One of our regulars came in looking for a book, but oh, darn the scrap of paper he had written the title on had gotten left at home. Do we not have days like this? Grocery list left on the kitchen table, only hitting all the red lights after missing your off-ramp, running late-grab shirt-grrr, button missing, do car keys drop onto nice bare pavement…no, into muddy street runoff. Etc. We at the bookstore live to loosen the tangle, restore the groove, and maybe even deliver the goods! So…the forgotten note is my happy opportunity! He ponders a moment, then confidently claims: the title is “The Death of Democracy” by Chris Hayes. Well, as it turns out…not. Surprised, he remembers Liberalism being involved. Death of Liberalism? Nope. Democracy and Liberalism, Liberal Democracy,…no and no. Chris Hayes? Well, there’s a Chris Hayes Macromedia Study Guide, and a Chris Hayes with Green Bay Packer inspirational stories. No dice. Shifting scale, we consult the planetary scanning capabilities of Google, and still nothing.
In addition to the universe sometimes having a contrary flow, this is the other impediment we face…the fallibility of memory. It’s so comforting to feel we remember accurately, but police line-ups and scientific research have so often proved this to be sweet self-deception, as we at the bookstore regularly witness. We do not give up. The strategy now is to abandon title, and author. Where did you hear of this, I ask. On NPR, he says. Well, bingo! Do you remember the day of the program. Friday, he says confidently. Of course not Friday. Nor Thursday, nor Wednesday. He says definitely not Saturday, but maybe Sunday. Ah memory. Of course not Sunday. I try the denied Saturday. There it is, big as life. Death of the Liberal Class, by Chris Hedges. Oh so yummy, memory outwitted, harmony restored. All is well in the world. Or at least here at the bookstore.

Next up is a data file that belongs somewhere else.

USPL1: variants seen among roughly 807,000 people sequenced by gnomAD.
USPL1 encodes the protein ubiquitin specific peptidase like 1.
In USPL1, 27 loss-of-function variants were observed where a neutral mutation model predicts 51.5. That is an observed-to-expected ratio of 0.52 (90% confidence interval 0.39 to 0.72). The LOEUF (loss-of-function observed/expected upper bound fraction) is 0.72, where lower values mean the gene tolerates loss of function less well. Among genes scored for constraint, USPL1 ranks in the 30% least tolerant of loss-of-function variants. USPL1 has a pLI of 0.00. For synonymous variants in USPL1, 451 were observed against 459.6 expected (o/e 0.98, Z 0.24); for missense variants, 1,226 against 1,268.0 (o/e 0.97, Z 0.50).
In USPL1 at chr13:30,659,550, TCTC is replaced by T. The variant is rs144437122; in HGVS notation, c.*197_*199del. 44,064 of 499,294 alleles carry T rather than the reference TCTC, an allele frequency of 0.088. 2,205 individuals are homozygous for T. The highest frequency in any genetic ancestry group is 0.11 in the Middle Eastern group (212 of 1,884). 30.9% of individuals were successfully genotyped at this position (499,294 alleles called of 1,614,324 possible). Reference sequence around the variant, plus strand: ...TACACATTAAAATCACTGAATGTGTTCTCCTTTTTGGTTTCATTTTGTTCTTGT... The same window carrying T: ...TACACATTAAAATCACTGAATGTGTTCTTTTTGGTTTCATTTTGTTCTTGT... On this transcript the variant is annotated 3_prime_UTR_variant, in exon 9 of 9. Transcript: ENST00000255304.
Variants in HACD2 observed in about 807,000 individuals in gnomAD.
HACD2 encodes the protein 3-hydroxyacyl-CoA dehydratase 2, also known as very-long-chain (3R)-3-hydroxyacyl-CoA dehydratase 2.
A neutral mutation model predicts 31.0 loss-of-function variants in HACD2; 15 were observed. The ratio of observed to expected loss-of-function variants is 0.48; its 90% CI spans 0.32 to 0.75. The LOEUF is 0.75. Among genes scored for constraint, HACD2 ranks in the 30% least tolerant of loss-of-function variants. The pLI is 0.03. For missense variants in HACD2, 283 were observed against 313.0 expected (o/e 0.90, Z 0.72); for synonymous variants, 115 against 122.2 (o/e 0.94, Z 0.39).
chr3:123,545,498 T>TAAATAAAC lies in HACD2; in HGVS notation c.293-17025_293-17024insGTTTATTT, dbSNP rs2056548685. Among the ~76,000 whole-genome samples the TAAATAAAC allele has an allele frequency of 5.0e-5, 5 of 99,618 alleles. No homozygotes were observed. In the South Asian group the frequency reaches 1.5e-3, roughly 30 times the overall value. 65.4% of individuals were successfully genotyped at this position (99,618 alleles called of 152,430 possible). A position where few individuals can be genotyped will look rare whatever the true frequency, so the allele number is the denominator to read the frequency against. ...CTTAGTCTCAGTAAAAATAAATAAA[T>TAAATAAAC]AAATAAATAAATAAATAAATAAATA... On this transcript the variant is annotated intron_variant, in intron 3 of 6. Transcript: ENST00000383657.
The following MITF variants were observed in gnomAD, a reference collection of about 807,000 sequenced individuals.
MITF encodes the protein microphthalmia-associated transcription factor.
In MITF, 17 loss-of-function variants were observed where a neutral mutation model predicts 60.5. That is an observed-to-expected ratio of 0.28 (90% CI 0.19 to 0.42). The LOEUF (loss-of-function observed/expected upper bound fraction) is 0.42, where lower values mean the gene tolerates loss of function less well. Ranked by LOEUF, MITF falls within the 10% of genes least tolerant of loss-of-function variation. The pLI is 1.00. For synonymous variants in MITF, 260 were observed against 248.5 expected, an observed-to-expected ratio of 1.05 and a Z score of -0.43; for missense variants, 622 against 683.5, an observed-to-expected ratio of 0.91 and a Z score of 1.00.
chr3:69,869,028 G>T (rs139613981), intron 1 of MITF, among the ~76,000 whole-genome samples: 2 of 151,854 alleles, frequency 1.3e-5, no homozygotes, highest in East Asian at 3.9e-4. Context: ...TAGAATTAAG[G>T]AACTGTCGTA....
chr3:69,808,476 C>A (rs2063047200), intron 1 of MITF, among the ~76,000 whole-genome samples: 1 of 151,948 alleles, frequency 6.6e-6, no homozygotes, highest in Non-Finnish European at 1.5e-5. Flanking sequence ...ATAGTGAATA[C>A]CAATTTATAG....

Some time ago, I worked in another bookstore in San Francisco. Once, during Fleet Week, a rather dazed-looking man came in amidst the roar of jets. Speaking in his loudest voice, he announced, “They messed up my voice! I can only talk this loud! Look what they did with my voice!” Probably only then realizing he had walked into a bookstore, he asked me the most terrifying question a bookseller can think to hear: “Hey, do you have that book by that guy?” Miraculously mustering up a reserve of patience I didn’t know I had, I quietly took him over to the stacks of books and started to name names, trying to get a read on who “that guy” was. I’ll admit with pride that I was able to figure out who this poor, deluded soul was searching for when he stated that “that guy” watched fires on hills. Though there were probably more pyromaniac authors than the ones we know about, I figured only one author wrote to any degree on the subject of hill-sitting and fire-watching, and that was Jack Kerouac. I stated the answer to the loud man’s riddle, and for my trouble he regaled me with alarmist ramblings about jets and who-knows-what-else for another ten minutes, before he went on his way, forgetting to ask, now that we knew who “that guy” was, about “that book”.